Source: Medium

Know Your Stuff.

Source: Reddit

Several years ago I was taking some pictures of graffiti and met a guy who was painting over some of it. I talked to him a little bit and he said, “I don’t know why they keep doing it, they just make me have to come out and paint over it again.” He seemed annoyed so I didn’t say anything snarky about how taggers were providing him with job security, or that it was on a temporary wall that was around a construction site so it was eventually going to be torn down anyway so it didn’t make sense that he felt a need to paint over a few scribbled tags.

A friend shared the “What kind of paint are you using to paint over this?” with me because he knew I’d find it funny. I like the cleverness of it and the understanding of materials. My wife paints some—mostly with watercolors—and when I go with her to the art store I just get overwhelmed by how many options there are just for painting. There’s watercolor, oils, latex, tempera, even encaustic paints, and probably other types I’m missing. It always makes me think about how the effect an artist wants to achieve often depends on the medium they’ve chosen.

It also reminds me of the time I tried painting and I decided to use oils because that was a traditional medium. I didn’t realize that oils take forever to dry, or that they require thinning—if you just squeeze them out of a tube onto your palette and start painting with them they’re thick and show the brushstrokes. That’s fine if it’s the look you want but it wasn’t what I was trying to achieve. What I ended up with was thick impasto works, very much a Van Gogh style without the talent, but I wanted a smoother look. Also pizza boxes are not a great canvas for oil painting. I ended up selling the oil paints to my roommate who, unlike me, was taking art classes and had a better idea of how to use oil paints.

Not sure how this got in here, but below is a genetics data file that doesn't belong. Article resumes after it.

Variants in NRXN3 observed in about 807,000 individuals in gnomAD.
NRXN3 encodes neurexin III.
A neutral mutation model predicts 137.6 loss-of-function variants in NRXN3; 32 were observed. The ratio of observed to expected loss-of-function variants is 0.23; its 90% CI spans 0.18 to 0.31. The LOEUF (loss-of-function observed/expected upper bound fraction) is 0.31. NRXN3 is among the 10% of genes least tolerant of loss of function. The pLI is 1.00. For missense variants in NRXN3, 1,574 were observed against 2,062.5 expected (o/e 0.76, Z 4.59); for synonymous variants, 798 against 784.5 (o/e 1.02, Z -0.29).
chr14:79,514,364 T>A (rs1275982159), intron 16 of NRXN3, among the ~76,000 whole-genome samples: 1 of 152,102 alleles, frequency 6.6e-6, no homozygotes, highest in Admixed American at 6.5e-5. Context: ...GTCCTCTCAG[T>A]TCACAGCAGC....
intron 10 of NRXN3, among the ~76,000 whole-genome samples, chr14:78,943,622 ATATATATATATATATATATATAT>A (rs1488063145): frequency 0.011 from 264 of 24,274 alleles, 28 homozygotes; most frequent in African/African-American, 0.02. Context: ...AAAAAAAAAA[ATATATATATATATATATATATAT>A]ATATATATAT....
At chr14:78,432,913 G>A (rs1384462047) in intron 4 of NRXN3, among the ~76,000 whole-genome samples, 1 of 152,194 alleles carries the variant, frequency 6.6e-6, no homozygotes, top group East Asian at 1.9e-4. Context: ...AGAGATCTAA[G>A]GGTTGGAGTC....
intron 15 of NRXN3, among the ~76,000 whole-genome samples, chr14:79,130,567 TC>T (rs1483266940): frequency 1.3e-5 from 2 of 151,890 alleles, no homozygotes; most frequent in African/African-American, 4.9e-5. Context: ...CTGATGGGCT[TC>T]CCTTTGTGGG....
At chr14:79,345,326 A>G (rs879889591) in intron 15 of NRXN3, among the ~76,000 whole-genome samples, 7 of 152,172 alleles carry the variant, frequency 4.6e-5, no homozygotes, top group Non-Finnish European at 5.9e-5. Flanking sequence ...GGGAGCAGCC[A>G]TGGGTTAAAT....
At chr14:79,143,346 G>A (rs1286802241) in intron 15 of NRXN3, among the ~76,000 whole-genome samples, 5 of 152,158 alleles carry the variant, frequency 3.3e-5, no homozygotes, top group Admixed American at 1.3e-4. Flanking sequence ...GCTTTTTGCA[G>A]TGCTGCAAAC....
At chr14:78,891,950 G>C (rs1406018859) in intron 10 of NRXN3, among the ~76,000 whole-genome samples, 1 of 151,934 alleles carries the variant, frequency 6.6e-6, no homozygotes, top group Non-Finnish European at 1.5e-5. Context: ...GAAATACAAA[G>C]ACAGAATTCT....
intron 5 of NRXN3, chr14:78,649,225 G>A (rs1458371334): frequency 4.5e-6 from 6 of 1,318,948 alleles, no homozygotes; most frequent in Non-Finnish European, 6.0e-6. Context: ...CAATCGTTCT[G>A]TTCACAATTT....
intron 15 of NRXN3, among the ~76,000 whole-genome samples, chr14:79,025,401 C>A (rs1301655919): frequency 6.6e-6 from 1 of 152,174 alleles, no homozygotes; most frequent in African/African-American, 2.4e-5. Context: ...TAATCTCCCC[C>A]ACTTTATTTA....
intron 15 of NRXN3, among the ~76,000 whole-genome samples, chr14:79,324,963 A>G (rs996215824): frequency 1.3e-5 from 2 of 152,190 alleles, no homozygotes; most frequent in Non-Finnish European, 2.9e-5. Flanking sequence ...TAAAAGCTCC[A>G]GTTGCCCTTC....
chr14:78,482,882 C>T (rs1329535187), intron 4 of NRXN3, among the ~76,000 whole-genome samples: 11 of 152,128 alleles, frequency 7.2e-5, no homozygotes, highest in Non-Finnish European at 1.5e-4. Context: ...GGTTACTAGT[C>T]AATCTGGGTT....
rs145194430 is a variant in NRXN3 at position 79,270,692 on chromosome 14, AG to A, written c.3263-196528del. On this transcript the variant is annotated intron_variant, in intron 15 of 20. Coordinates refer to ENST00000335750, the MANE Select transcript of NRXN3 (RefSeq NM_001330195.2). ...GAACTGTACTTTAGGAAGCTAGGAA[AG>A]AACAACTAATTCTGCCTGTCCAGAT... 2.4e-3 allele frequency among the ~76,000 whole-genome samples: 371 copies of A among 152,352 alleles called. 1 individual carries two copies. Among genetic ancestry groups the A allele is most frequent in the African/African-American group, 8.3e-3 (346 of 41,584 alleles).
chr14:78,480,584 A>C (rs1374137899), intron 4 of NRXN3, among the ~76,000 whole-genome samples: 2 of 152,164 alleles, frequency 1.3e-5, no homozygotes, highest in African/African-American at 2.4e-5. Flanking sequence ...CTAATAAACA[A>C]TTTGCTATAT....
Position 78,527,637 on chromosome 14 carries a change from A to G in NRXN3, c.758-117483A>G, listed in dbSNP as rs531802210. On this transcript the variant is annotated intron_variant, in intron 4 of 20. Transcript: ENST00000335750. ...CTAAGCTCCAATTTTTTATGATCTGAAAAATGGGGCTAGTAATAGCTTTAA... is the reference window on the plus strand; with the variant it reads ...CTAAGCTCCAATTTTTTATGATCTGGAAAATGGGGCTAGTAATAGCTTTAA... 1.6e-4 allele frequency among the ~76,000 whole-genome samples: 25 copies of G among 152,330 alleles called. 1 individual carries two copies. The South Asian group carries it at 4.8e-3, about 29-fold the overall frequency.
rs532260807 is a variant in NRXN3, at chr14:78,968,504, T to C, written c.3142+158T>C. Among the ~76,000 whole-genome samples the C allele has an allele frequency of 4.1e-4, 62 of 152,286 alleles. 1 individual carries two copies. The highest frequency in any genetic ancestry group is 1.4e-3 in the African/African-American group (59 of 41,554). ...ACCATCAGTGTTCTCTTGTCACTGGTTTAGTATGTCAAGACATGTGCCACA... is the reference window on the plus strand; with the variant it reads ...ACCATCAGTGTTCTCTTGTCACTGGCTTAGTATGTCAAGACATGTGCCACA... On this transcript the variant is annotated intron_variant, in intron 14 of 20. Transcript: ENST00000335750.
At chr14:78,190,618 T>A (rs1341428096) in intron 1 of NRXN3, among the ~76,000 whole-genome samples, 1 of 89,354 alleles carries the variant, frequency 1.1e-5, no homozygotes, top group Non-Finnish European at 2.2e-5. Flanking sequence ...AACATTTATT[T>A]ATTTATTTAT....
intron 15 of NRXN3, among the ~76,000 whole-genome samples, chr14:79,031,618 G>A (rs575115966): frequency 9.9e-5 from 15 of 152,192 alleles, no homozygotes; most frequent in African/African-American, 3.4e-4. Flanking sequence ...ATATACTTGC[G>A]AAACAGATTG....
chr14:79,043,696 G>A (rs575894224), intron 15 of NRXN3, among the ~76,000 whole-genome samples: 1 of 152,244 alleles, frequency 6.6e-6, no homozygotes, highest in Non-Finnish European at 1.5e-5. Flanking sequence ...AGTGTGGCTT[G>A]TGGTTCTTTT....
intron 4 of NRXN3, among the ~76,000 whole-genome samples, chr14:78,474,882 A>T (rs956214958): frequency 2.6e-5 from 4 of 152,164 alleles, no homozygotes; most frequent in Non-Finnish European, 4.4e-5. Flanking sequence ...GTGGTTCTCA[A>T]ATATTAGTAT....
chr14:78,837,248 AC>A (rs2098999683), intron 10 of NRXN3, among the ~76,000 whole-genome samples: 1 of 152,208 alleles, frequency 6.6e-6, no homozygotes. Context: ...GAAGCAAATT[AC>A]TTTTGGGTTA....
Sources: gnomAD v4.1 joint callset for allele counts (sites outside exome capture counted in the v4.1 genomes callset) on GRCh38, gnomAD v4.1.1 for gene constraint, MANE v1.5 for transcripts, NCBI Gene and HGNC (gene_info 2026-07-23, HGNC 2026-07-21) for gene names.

Here’s another fun cover-up effort.

Source: imgur

A Spoonful Of Sprinkles.

Source: ARTnews

So much has already been said about Willy’s Chocolate Experience in Glasgow, an obvious and apparently cheap knockoff of the Willy Wonka universe, that saying anything about it just feels like piling on. Yes, the “sad Oompa Loompa” compared to a Manet painting made me laugh more than it should have, although I’ve never thought of the woman in the original painting as sad and the woman playing the Oompa Loompa, well, in that picture she just got caught at a bad moment. She described the experience as “trying to be the sprinkles on shit” but that’s something I want to focus on: she was trying her best to take something bad, something that was far beyond her control, and make it enjoyable. She also said,

I didn’t want to let the people around me down. The actors I was working with are amazing people, and this has got nothing to do with them. So I just thought, I’m going to make the best of this.